|Discrimination of mentally ill persons by hospitals|
We have already stressed the importance of access to healthcare for persons with mental illness. We will now further explore the stereotype of harm in mental illness. The stigma associated with this stereotype has an adverse impact on timely delivery of healthcare to persons with psychiatric illness.
Are mentally ill persons likely to harm other hospital inpatients?Hospital and healthcare settings have the highest levels workplace related violence across all industry sectors (CDC 2002). The place where patient perpetrated violence is most likely to occur is the Emergency or Casualty department not the wards (Farooq 2009). Patients of all categories mostly attack staff or junior doctors - the ones they are in regular and direct contact with. In most cases violence is perpetrated by arrogant patient attendants not the patients themselves, whatever their diagnosis. For the rest violence is a result of unacceptable staff behaviour, and dissatisfied patients or attendants. It is rare for patients of any diagnosis to physically attack and harm each other in a hospital. Even in acute inpatient psychiatry units violence towards other patients or staff is less than 3% of total incidents of violence (Biancosino 2009). So much for psychiatric illness being “known to cause harm”.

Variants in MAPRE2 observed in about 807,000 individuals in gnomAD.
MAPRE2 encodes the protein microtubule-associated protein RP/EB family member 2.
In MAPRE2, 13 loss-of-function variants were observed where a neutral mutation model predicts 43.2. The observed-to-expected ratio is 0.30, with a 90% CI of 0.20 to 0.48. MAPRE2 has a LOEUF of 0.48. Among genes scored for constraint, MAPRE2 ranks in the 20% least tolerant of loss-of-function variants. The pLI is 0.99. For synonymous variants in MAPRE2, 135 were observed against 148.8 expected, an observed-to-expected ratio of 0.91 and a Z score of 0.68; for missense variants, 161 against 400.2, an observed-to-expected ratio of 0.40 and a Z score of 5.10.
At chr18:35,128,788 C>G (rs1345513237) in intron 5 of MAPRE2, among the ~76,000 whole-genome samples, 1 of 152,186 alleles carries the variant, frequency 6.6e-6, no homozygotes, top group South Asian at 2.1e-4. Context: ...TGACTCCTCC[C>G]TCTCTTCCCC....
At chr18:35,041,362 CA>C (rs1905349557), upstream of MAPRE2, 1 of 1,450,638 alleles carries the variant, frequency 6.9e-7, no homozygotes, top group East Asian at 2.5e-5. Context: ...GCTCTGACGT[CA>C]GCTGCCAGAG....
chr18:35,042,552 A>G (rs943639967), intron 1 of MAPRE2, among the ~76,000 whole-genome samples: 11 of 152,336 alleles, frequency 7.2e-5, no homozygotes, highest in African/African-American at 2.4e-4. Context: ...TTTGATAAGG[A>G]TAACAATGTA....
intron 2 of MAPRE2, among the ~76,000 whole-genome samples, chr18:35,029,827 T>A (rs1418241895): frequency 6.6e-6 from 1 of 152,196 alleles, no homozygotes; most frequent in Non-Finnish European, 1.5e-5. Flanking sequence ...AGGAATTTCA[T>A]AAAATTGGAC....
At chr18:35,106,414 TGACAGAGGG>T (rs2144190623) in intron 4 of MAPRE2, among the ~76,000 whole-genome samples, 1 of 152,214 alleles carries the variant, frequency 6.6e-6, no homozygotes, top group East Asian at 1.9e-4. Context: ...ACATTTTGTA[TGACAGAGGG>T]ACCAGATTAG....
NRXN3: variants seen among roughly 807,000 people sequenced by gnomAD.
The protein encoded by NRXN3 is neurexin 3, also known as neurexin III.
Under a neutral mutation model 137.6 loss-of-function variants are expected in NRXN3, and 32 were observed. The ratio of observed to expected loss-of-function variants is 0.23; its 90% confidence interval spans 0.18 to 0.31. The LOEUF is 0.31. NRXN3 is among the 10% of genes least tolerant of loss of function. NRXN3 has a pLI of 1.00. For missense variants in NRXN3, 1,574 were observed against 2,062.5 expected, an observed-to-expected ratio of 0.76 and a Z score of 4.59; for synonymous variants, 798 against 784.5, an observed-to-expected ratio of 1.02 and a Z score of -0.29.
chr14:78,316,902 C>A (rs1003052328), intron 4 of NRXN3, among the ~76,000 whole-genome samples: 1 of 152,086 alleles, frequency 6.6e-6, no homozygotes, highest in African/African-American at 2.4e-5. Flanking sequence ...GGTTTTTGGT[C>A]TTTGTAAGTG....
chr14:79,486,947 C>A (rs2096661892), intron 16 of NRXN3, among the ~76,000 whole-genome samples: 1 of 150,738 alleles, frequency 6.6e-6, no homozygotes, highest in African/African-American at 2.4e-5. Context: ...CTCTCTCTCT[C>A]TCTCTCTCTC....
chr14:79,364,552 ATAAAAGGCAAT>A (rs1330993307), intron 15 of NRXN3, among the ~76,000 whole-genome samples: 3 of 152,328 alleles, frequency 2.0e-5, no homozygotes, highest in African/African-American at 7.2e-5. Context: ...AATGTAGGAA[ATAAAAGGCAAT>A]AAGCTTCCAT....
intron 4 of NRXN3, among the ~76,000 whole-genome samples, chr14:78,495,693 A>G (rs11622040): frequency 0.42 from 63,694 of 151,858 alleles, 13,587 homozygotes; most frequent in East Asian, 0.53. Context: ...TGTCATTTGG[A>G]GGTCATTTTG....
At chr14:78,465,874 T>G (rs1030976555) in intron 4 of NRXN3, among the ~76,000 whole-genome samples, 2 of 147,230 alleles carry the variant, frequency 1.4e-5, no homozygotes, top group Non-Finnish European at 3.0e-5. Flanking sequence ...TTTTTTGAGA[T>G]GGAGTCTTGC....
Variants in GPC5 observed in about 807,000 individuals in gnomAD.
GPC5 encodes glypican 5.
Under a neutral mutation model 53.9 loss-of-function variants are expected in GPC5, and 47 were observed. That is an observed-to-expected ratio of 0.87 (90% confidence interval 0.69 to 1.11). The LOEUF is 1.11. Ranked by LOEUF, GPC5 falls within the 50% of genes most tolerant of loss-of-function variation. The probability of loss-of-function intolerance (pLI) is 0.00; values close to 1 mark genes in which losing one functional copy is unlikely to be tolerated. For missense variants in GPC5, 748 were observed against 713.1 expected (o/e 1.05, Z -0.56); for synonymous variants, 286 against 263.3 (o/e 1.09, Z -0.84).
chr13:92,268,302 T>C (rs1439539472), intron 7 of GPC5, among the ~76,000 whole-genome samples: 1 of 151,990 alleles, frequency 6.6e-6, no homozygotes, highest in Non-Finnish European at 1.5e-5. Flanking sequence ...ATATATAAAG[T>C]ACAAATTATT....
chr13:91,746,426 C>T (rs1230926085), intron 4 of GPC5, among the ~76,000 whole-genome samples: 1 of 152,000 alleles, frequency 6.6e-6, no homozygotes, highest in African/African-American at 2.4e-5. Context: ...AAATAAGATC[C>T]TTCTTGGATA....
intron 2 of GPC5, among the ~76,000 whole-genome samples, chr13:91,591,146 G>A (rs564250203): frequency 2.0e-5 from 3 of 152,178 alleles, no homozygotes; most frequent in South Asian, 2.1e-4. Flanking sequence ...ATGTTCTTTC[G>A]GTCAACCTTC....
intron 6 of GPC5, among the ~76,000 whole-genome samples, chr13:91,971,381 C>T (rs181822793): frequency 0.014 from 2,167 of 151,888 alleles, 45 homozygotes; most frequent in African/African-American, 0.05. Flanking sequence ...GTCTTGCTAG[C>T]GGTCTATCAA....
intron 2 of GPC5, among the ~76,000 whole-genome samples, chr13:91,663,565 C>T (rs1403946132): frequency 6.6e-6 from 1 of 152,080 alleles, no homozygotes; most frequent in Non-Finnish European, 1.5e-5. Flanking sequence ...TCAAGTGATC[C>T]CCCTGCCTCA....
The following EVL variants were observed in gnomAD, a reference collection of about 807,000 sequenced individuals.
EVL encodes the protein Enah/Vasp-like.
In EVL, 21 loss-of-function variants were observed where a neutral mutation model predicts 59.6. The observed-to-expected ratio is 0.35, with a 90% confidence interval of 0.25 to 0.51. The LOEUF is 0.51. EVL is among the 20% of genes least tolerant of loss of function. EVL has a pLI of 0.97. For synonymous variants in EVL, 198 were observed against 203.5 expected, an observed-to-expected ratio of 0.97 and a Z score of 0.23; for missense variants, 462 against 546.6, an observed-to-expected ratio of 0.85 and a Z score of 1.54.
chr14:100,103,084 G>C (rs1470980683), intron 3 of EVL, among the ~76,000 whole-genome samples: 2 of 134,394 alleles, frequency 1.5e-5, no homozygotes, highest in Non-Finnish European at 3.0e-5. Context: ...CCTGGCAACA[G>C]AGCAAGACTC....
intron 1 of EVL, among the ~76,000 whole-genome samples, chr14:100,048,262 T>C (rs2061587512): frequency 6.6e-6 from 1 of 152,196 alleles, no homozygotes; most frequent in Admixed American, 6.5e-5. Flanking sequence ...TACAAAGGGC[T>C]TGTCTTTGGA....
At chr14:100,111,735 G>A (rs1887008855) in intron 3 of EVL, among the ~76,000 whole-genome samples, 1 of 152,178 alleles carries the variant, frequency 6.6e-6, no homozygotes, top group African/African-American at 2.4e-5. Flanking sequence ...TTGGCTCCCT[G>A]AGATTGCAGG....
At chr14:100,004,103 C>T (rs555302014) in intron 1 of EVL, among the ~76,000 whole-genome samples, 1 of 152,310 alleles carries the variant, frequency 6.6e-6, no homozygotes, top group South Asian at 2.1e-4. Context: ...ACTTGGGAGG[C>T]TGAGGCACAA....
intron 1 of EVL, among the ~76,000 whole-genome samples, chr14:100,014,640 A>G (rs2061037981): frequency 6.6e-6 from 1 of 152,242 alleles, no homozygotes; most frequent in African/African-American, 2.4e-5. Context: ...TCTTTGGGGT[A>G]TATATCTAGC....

Are patients with psychiatric illnesses the only ones that harm other patients? At the height of the swine-flu scare in 2009 no patient suspected of having the disease was denied treatment or admission. Yet swine-fly is known to be highly contagious and lethal. Special protocols and facilities were drawn up and earmarked overnight. So the potential for harm is not the overriding factor in denial of treatment.
Patients with psychiatric illness require minimal investigation, and respond rapidly to cheap and effective medication. Return on investment may be what it is all about. Psychiatrically ill pateintsdo not make much money for a hospital. It is more lucrative to provide skewed facilities for a liver transplant that would require weeks of ICU care, extensive investigation and invasive procedures. It would also make news for all the right reasons.
Mental illness accounts for 80-90% of completed suicides. Serious suicide attempts by poisoning or jumping result in emergency hospital admissions. Treatments would entail stay in the Intensive Care Unit, utilisation of the Operation Theatre, mechanical ventilation, and extensive monitoring and investigations. All this translates into large cash transactions over a short period of time. No hospital administrator would deny admission to these critically ill patients - ethical considerations, policy and stigma not withstanding.